Today, Square announced a new program for merchants that protects them when customers dispute purchases.
When buyers contest a charge on their credit or debit card, that money is immediately put on hold. That means the merchant loses the money generated from the sale as well as the product or service it sold. Starting today, Square is giving merchants in the U.S. and Canada access to charge-back protection, which will cover the money being held in instances of fraud. Meaning, sellers won’t lose out on sales that are being contested.
Square will cover expenses related to sales disputes up to $250 per month.
Since last year, when the Wall Street Journal reported that Square lost $100 million in 2013, Square has leaned into its offering of small business products. After taking a $150 million round of funding last October, the company launched a suite of business tools. In 2014 the company rolled out its appointments, analytics, and inventory applications.
The company also launched Square Capital last year, a cash advance service for merchants. Later this year the company will be rolling out a program called Instant Deposits, which gives merchants better access to money slated for deposit in debit accounts. The feature is currently in beta.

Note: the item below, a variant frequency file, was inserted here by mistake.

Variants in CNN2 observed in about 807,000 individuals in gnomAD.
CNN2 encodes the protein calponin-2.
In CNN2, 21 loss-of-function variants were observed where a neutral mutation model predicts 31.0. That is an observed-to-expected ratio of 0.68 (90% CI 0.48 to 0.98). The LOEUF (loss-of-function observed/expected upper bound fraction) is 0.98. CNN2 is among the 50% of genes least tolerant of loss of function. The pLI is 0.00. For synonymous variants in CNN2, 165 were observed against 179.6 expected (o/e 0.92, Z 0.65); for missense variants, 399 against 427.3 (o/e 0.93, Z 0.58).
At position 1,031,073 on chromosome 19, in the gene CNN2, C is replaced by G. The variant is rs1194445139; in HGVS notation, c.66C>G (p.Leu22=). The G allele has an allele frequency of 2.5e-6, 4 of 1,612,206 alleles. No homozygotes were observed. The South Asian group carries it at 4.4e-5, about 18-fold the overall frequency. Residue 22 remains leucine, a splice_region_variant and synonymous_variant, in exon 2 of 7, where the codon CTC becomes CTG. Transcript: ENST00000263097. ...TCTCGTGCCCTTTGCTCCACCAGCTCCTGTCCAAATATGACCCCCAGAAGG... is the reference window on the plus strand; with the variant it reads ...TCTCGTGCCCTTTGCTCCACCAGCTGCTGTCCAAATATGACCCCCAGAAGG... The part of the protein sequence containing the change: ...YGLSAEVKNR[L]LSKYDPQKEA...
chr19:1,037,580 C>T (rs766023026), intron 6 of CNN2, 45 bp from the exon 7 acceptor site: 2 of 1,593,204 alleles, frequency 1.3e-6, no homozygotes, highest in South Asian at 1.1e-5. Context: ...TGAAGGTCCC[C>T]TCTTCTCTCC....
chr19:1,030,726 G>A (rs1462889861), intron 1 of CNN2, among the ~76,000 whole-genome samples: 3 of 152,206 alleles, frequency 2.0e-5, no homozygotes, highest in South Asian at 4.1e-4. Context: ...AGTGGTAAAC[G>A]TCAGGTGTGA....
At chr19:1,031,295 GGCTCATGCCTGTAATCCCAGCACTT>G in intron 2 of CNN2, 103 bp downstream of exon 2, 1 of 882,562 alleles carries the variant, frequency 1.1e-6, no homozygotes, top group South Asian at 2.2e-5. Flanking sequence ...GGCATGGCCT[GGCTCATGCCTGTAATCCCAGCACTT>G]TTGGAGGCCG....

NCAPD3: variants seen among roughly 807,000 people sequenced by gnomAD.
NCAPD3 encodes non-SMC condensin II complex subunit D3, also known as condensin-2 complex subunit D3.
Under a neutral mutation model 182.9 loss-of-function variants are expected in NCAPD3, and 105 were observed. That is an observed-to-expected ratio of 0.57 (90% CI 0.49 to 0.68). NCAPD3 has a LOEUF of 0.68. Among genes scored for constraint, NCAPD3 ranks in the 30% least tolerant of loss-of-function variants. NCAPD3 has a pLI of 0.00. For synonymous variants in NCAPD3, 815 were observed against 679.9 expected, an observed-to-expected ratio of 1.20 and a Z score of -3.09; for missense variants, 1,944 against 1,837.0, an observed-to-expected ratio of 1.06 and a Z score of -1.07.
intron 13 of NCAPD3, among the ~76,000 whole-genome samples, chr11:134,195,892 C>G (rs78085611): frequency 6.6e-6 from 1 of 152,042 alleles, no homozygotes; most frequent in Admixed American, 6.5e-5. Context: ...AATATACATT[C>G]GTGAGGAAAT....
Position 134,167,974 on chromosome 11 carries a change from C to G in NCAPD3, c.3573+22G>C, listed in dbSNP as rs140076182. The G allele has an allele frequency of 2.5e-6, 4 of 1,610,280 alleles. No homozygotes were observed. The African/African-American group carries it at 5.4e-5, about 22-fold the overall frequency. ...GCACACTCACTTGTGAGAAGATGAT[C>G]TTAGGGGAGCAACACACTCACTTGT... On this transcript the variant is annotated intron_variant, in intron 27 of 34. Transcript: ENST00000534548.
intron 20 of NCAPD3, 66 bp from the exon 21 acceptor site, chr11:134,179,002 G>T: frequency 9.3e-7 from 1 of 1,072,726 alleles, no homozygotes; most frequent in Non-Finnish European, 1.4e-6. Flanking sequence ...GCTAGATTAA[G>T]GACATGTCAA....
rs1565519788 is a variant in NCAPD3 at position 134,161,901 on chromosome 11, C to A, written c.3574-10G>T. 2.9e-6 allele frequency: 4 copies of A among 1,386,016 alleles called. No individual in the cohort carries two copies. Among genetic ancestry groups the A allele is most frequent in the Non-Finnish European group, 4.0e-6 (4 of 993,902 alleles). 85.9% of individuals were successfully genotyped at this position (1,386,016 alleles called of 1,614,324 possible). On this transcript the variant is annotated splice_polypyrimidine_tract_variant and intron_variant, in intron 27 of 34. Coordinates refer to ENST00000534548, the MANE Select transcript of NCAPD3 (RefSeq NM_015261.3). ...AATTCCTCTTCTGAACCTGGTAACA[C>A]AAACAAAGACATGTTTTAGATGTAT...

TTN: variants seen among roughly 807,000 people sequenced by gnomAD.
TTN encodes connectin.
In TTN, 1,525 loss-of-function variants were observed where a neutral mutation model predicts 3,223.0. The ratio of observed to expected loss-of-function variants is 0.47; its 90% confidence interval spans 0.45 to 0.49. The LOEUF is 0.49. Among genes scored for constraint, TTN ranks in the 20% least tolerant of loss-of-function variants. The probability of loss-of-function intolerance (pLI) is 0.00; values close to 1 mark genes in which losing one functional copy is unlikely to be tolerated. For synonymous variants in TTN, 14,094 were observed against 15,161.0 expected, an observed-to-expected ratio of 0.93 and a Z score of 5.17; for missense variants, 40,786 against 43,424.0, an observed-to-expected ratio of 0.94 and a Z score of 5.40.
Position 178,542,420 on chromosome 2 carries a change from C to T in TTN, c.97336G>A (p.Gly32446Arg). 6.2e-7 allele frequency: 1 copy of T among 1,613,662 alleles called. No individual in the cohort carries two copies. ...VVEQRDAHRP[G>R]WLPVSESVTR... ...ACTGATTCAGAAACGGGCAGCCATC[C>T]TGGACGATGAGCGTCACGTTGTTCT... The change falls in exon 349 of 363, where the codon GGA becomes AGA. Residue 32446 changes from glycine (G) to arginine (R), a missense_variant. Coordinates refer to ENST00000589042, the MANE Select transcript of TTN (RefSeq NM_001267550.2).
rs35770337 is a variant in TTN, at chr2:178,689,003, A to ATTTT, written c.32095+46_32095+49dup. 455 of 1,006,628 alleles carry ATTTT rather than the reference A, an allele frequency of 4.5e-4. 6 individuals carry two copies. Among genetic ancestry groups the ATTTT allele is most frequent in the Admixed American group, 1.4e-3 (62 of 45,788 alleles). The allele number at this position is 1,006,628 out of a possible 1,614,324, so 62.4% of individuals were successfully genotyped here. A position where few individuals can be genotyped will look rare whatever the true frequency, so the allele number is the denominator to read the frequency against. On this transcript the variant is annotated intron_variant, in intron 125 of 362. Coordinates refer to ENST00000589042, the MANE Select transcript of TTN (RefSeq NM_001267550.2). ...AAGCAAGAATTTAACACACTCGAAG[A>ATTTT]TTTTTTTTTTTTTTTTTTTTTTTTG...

While Square has certainly built out its seller offering over the past year, that doesn’t mean it has abandoned the consumer side of its business. Though the company shuttered Square Wallet last year, Square now has two apps in its place: Square Cash and Square Order. Square Cash is a peer-to-peer payment protocol like PayPal and Venmo. To help compete with the slew of like products already on the market, Square recently partnered with Snapchat on a product called Snapcash, which allows Snapchatters to sling each other cash through the ephemeral messaging platform.
The company has been otherwise busy updating merchants with the appropriate hardware ahead of Visa and Mastercard’s push for chip-and-pin credit cards. In November, the company announced a chip-and-pin card reader for pre-order, which the company expected to start shipping sometime in the first quarter of 2015.
Square has also been spending time building up products for the food industry, where the company got its start as a payment processor for small coffee shops. Square Order, for example, allows users to pre-order coffee and sandwiches for pickup. The company also acquired Caviar, a company that hooks upscale restaurants up with delivery infrastructure, so that consumers can get food delivery from a wider spectrum of restaurants.
But, for the time being, Square’s real money maker is still small business products, not consumer-facing apps. In 2014 Square processed its one billionth payment. The company’s merchants also surpassed $100 million in sales in a single day during the holiday rush.
Now, armed with a host of seller products, the company just needs to grow its base of users.
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